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Cover Story Series> Business
UPDATED: June 24, 2013 NO. 26 JUNE 27, 2013
A Growing Rift
Negotiations are key to avoiding a looming trade war over EU tariffs on Chinese solar products
By Zhou Xiaoyan

PLAYING TOUGH: Karel De Gucht (left), the EU's Trade Commissioner, leans toward the host of a press conference on June 4, during which he announced an anti-dumping investigation on Chinese solar products (YAN TING)

Despite opposition from 18 EU member states, hundreds of EU solar companies and 15 European photovoltaic (PV) associations, Karel De Gucht, EU's Trade Commissioner, announced on June 4 that the EU would impose provisional anti-dumping tariffs on imports of solar panels, cells and wafers from China.

This is the preliminary ruling of an investigation launched by the European Commission in September 2012. According to the ruling, starting from June 6, EU imports of Chinese solar products would be subject to an interim duty of 11.8 percent until August 6. If China and the EU fail to reach a settlement by then, the duty will be raised to an average of 47.6 percent until December 6, 2013. A final ruling schedule on that day would decide whether to turn the provisional duties into definitive measures in the next five years.

This is not the first time that China's solar makers have encountered trade barriers.

In 2012, the United States imposed anti-dumping tariffs of up to 249.96 percent and anti-subsidy tariffs of up to 15.97 percent on Chinese solar panels. The EU's tariffs, however, are more devastating to China's already vulnerable solar industry as the EU, the world's largest solar market, is China's top destination for solar exports.

European imports of China-made solar products totaled 21 billion euros ($27.89 billion) in 2011, accounting for 70 percent of China's total solar product exports and 7 percent of the total trade volume between China and EU, according to an EU estimation.

Due to the trade dispute, Chinese exports of PV products to EU totaled $11.19 billion in 2012, down 45.1 percent year on year. Despite the plunge, the EU is still China's largest solar export destination, accounting for 46.1 percent of total exports in 2012, according to a report from the China Market Report Center under Shenzhen Zero Power Intelligence.

A negotiation troop formed by staff from China's Ministry of Commerce (MOFCOM) and China Chamber of Commerce for Import and Export of Machinery and Electronic Products was sent to the EU by the Chinese Government days after the preliminary ruling. But no results had been released to the public by the time this article went to press. Also, the EU's Trade Commissioner Karel De Gucht visited Beijing on June 21 to meet Chinese Commerce Minister Gao Hucheng to discuss the issue.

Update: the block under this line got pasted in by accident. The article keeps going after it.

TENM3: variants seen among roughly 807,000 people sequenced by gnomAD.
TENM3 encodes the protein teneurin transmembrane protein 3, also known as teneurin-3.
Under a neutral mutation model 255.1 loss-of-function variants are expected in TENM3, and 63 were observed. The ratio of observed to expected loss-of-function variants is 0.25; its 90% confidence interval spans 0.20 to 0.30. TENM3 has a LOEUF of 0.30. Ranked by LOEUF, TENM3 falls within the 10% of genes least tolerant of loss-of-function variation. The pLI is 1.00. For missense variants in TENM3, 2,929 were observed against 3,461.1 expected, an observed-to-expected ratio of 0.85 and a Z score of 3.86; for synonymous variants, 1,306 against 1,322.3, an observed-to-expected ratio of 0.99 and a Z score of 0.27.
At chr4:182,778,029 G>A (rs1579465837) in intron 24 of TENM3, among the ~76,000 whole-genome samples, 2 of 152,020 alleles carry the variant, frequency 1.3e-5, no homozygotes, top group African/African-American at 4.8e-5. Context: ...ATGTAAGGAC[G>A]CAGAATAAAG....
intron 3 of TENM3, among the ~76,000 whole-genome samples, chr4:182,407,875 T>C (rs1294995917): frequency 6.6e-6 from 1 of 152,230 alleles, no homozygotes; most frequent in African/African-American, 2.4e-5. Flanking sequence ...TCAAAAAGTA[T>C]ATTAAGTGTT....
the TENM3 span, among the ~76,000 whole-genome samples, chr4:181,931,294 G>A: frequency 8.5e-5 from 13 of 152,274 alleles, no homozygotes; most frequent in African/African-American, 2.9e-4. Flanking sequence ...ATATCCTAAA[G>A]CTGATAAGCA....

As the two sides get ready for negotiations on the matter, it has become evident that a trade war is to no one's benefit. Amid fresh trade tensions, China's PV sector is going through a business reshuffle that features a stronger presence in emerging markets and rising domestic demand.

China on the go

China has opposed the EU's duties and called for solving the dispute through dialogue and consultation.

"China is strongly opposed to the anti-dumping tariffs imposed by the European Commission," said Shen Danyang, a spokesman for the MOFCOM, during a press conference immediately following the European Commission's announcement.

"So far, we are not satisfied with the result. But it's already a hard-earned one after China tried its best," said Shen, referring to the fact that the tariff rate was divided into two stages and China is given two months to further negotiate with the EU.

The 11.8-percent interim tariff lasting from June 6 to August 6 is much less than previous expectations, which is largely attributed to the Chinese Government's active negotiation with the EU, especially by Chinese Premier Li Keqiang, say analysts.

During his official visit to Switzerland in May, Li expressed China's stance on solving trade frictions through dialogue and negotiation. Later that month, Li went to Germany and won over German Chancellor Angela Merkel's support on the matter. On May 27, Merkel called for an end to the trade row between Europe and China over solar panels and wireless equipment, citing the need for more trade between the two sides.

On June 3, Li called Jose Manuel Barroso, President of the European Commission, expressing his concerns over the dispute, adding that if the EU insisted on punitive measures, China is bound to counterattack.

"If this case is not properly handled, it will not only harm the interests of Chinese and European companies, but also bring about a possible trade war. There is no winner in a trade war. I hope that both sides can see the bigger picture and try to solve the trade dispute through dialogue and negotiation," Li told Barroso.

On June 7, Premier Li visited some Chinese PV makers in north China's Hebei Province, where he encouraged them to remain hopeful.

"We hope the EU can show more sincerity and flexibility," said MOFCOM spokesman Shen. "In the next two months, the EU should sit down with Chinese solar makers and find an acceptable, reasonable and win-win solution that both sides can accept."

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